The project is an interdisciplinary effort of investigators from within UF and outside. Dr. Helena Solo-Gabriele (Professor, Department of Civil, Architectural, and Environmental Engineering at the University of Miami), a Co-PI on the EPA project, has been working with the SMMRL team on PFAS in landfills, with support from the Hinkley Center for Solid and Hazardous Waste Management, a statewide research center funded by the Florida Department of Environmental Protection and hosted at the University of Florida. Co-PI Dr. John Bowden, Assistant Professor at the Center for Environmental and Human Toxicology & Department of Physiological Sciences at the UF College of Veterinary Medicine, brings to the project a wealth of experience on PFAS analysis, with his UF lab providing state-of-the-art analytical capabilities. Dr. Katherine Deliz Quiñones, a research faculty member in the Department of Environmental Engineering Sciences at UF, provides expertise in toxicology and biochemistry. Battelle, a global research and development organization, houses nationally certified PFAS analytical facilities and serves as one of the top PFAS labs in the U.S.

Dr. Townsend reflected on the desired impact of this research study. “It will provide scientists, policy makers, landfill operators, and the entire industry much more clarity regarding the many unknowns concerning PFAS and landfills. We need to better understand which components of our waste stream are providing the greatest PFAS inputs to landfills, if and how much of the PFAS chemicals are retained or transformed in the landfill, and what methods of PFAS treatment are most effective. The answers to these questions can help direct national strategies such as targeted waste screening and reduction to reduce PFAS impacts, better landfill operational strategy, and the most effective treatment techniques,” he said.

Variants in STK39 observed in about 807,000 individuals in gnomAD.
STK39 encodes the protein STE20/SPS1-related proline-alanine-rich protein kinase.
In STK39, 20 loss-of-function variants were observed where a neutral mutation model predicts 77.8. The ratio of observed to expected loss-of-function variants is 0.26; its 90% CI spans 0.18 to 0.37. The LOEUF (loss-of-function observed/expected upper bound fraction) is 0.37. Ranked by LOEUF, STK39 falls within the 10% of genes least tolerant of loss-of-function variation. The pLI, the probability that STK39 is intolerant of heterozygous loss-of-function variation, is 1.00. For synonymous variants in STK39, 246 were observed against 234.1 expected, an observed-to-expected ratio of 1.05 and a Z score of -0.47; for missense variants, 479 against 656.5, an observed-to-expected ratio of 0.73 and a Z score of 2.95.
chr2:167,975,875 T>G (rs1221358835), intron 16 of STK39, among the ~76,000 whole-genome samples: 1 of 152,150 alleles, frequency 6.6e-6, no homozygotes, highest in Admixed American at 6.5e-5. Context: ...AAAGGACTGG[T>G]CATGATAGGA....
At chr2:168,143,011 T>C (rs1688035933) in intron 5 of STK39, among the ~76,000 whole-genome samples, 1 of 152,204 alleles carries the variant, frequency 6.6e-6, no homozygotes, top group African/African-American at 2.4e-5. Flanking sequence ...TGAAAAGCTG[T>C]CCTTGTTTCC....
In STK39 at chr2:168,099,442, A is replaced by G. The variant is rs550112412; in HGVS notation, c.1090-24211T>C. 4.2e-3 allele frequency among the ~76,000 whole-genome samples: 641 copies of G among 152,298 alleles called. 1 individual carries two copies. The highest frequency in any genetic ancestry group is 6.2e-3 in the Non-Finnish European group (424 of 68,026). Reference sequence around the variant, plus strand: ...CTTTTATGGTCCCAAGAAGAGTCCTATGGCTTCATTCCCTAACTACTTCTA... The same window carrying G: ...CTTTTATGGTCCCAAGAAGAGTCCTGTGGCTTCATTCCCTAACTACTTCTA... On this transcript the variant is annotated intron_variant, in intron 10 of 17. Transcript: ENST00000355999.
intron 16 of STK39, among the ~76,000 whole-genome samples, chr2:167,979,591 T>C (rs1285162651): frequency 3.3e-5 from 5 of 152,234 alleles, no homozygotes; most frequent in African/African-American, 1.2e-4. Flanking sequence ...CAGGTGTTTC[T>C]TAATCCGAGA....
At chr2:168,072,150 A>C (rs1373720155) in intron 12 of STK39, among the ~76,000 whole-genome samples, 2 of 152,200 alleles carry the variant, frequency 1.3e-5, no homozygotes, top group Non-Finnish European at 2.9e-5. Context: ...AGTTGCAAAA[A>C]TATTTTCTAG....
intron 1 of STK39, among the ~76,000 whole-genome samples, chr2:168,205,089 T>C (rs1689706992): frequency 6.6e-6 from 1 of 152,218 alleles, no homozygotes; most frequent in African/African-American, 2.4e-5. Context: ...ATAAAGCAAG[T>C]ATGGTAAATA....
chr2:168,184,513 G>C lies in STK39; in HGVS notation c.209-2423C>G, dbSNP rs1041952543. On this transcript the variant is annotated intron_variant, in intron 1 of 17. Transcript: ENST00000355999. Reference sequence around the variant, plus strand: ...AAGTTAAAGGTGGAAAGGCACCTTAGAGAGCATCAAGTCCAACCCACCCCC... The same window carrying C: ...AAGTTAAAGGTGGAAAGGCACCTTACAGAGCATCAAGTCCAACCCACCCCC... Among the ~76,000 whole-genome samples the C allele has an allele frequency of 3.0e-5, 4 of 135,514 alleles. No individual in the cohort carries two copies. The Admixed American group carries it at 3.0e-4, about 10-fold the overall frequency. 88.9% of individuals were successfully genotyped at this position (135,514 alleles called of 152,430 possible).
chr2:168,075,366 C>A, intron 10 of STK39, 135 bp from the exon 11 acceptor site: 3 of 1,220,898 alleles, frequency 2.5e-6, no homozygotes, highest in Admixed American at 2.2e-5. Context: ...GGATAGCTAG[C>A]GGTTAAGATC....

ESSIE graduate students, such as the student shown here, build their research programs around solid waste and landfill-related questions posed by scientific, regulatory and industrial professionals.

ESSIE graduate students, such as the student shown here, build their research programs around solid waste and landfill-related questions posed by scientific, regulatory and industrial professionals.

This research will also provide significant experiential learning opportunities for undergraduate and graduate students in the environmental engineering discipline. “They will be interacting with landfill operators and others in the solid waste community, both through the collection of samples at multiple disposal facilities, and through the dissemination of research results. The students will play a critical role in the laboratory analysis and the performance of experiments to meet project objectives,” Dr. Townsend stated.

This project will span three years, with the researchers conducting studies at multiple landfill sites of all ages and waste characteristics, as well as laboratory simulations to test hypotheses resulting from field sampling and analysis. The ultimate goal is to allow the scientific community, policy makers and landfill operators to come up with new strategies for addressing the concerns of PFAS in our waste stream, with UF playing a leading role in this discussion.

NVIDIA Founder Chris Malachowsky Inducted Into Florida Inventors Hall Of Fame Wed, 25 Sep 2019 20:42:59 +0000
Chris Malachowsky, Florida Inventors Hall of FameUniversity of Florida alumnus who founded the computer graphics company NVIDIA is among the newest members of the Florida Inventors Hall of Fame.

Chris Malachowsky, an alumnus of UF’s Herbert Wertheim College of Engineering, was selected for inventing the Graphics Processing Unit (GPU) that transformed the visual computing industry by creating a consumer-oriented 3D graphics market. Under Malachowsky’s leadership, NVIDIA has evolved the GPU into a computer brain that intersects virtual reality, high performance computing and artificial intelligence. He holds 35 U.S. patents.

“Chris Malachowsky is an outstanding example of a world changing entrepreneur.  He is a creative, big thinker who took his UF education and used it to create not just a company but essentially a new industry. He remains firmly committed to the success of his alma mater and has been particularly pivotal in helping the college craft a vision around the coming 4th Industrial Revolution, which will help to position not only the university but the state of Florida as a leader in the creation of high tech innovation and jobs.” ​

Cammy R. Abernathy, Ph.D

Chris Malachowsky received his B.S. degree in electrical engineering from the University of Florida in 1980.

Read more from the Florida Inventors Hall of Fame.

Video courtesy of Hal Dunn.


View photos from the induction ceremony held September 20, 2019.

Hardware Security Research and Education Centers of Excellence open at University of Florida and Ohio State Fri, 13 Sep 2019 16:53:58 +0000